A new study has found that using cannabis lowered the systolic and diastolic blood pressure for people in their 60s with hypertension. That’s an important finding, as the number of people with hypertension in the United States alone is more than 100 million.
The study found that using cannabis regularly for three months led to a five-point drop in systolic pressure (the higher number in a blood pressure reading) and a 4.5-point drop in diastolic pressure (the lower number). The decline seemed the biggest about three hours after the use of cannabis.
The researchers, who published their findings in the European Journal of Internal Medicine, found that the improvement occurred whether patients smoked cannabis or used cannabis oil. They also theorize that the reason for the blood pressure drop relates to weed’s effectiveness in helping people manage pain.
Researchers at Ben-Gurion University of the Negev in Israel launched the study in reaction to the increasing number of older people who are using cannabis and CBD. Most of them use cannabis to treat pain, reduce anxiety and get better sleep.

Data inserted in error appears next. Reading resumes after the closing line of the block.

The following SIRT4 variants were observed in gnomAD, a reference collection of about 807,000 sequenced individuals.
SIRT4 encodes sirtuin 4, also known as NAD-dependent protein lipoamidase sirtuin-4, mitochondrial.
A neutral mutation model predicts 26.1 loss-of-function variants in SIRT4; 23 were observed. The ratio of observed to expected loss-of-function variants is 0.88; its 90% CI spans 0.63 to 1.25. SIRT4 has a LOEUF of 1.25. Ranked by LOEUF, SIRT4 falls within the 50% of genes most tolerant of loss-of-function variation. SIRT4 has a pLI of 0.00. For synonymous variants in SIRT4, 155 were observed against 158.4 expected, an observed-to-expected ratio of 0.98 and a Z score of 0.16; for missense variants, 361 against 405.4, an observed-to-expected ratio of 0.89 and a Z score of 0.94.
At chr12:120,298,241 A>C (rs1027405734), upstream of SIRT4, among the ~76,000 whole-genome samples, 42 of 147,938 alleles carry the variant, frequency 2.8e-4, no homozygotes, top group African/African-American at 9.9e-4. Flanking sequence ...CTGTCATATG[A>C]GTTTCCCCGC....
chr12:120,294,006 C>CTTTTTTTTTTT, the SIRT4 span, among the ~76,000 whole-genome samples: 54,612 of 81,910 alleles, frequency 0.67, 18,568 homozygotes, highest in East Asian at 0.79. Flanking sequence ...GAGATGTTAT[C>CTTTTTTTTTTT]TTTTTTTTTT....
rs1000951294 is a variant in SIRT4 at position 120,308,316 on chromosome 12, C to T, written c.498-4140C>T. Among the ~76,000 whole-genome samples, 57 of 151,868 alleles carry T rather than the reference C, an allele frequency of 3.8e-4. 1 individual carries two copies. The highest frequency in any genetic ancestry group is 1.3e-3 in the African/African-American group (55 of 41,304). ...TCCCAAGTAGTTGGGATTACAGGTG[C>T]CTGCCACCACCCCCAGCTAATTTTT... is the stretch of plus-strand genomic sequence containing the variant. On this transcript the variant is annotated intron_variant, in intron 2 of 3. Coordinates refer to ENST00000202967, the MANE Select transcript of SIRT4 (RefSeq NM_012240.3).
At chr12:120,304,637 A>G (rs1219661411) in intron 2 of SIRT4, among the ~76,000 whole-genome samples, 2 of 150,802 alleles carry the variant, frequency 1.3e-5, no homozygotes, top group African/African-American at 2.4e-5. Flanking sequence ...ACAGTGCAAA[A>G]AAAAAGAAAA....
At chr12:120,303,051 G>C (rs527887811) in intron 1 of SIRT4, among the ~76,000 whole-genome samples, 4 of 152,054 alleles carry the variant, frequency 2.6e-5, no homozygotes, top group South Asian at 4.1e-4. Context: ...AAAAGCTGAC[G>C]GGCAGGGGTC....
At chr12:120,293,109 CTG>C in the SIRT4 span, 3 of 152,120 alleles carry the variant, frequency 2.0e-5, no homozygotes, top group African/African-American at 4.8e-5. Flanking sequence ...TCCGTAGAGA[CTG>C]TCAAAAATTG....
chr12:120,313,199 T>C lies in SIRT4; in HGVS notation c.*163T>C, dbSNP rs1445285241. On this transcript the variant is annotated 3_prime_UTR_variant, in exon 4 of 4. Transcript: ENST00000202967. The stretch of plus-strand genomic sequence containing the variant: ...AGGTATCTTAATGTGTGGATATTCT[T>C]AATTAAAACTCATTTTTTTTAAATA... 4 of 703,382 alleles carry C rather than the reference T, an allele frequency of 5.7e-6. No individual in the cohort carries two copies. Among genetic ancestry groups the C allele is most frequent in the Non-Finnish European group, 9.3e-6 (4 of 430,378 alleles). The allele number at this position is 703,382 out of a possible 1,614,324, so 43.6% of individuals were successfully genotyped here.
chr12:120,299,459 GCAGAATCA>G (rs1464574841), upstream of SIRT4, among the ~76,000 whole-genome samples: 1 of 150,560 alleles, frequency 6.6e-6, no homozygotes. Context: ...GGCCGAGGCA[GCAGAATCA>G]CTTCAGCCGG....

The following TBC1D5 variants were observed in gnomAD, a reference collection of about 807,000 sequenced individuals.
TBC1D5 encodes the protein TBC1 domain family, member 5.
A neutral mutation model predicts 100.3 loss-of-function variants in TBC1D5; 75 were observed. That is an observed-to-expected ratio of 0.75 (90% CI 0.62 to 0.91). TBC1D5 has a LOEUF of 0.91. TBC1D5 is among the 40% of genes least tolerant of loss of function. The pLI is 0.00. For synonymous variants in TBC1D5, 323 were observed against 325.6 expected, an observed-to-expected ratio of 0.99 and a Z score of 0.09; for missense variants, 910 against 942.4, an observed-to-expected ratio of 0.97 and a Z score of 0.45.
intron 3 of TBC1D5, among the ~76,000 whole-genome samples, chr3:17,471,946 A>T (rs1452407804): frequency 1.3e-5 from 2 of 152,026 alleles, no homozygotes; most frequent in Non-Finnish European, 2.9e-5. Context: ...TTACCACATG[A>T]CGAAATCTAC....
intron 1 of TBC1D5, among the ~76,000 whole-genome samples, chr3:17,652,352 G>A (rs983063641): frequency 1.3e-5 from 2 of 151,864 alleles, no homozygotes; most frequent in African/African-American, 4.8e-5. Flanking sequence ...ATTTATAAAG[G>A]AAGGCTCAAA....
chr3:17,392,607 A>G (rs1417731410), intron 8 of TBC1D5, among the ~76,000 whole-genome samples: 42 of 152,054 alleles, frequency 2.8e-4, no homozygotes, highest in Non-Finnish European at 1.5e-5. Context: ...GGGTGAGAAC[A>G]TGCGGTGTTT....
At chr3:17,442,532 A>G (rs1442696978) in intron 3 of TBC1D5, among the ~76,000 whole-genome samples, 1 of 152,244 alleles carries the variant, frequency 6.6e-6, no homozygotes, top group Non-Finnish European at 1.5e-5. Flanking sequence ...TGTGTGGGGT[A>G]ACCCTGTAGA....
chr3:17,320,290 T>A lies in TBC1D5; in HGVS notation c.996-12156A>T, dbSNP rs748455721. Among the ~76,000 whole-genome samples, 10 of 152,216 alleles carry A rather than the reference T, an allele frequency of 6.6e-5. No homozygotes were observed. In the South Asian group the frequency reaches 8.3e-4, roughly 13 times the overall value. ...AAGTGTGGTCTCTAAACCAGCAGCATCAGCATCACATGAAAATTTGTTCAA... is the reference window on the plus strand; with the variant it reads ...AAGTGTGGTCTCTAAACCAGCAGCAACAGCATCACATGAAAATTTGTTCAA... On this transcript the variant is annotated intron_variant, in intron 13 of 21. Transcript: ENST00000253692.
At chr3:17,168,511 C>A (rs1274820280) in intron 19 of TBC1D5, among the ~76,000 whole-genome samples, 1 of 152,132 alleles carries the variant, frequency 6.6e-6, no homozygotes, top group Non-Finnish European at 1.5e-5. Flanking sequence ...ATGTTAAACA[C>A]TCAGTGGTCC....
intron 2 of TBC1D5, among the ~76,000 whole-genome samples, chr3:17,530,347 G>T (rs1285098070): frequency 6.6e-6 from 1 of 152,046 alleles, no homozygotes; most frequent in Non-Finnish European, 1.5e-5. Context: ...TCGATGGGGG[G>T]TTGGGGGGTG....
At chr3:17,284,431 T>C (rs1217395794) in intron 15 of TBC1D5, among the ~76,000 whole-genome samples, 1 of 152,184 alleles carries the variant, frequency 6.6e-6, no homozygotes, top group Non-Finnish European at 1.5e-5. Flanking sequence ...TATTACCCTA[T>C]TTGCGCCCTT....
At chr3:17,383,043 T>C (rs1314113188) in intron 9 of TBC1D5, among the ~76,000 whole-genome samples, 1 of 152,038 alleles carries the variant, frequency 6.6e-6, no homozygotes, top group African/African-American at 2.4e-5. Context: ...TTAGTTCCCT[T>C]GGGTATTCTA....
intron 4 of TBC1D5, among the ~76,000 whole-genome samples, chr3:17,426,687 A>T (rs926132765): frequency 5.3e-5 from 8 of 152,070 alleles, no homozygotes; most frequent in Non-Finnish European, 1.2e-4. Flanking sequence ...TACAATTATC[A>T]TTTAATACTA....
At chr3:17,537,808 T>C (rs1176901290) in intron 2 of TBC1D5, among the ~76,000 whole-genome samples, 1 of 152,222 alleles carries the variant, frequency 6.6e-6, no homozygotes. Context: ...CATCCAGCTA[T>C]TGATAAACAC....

Researchers at the university point out that little study has been done on how cannabis impacts older people. Dr. Ran Abuhasira, who led the research team, said the study “is part of our ongoing effort to provide clinical research on the actual physiological effects of cannabis over time.”
The small study involved 26 patients. Women made up 54 percent of the group. Each patient had been diagnosed with hypertension, which means a blood pressure reading that is regularly above 120/80. Each also had a new prescription for cannabis, which is legal for medical use in Israel.
Over the next three months, researchers performed several assessments. They included 24-hour ambulatory blood pressure monitoring, ECG, blood tests, and anthropometric measurements before the initiation of cannabis therapy and three months afterward.
In addition to the lower blood pressure readings, researchers also found the percentage of patients who were “normal dippers’ – a term that refers to blood pressure dipping each day, usually at night – increased from 27.3 percent before the study started to 45.5 percent three months later.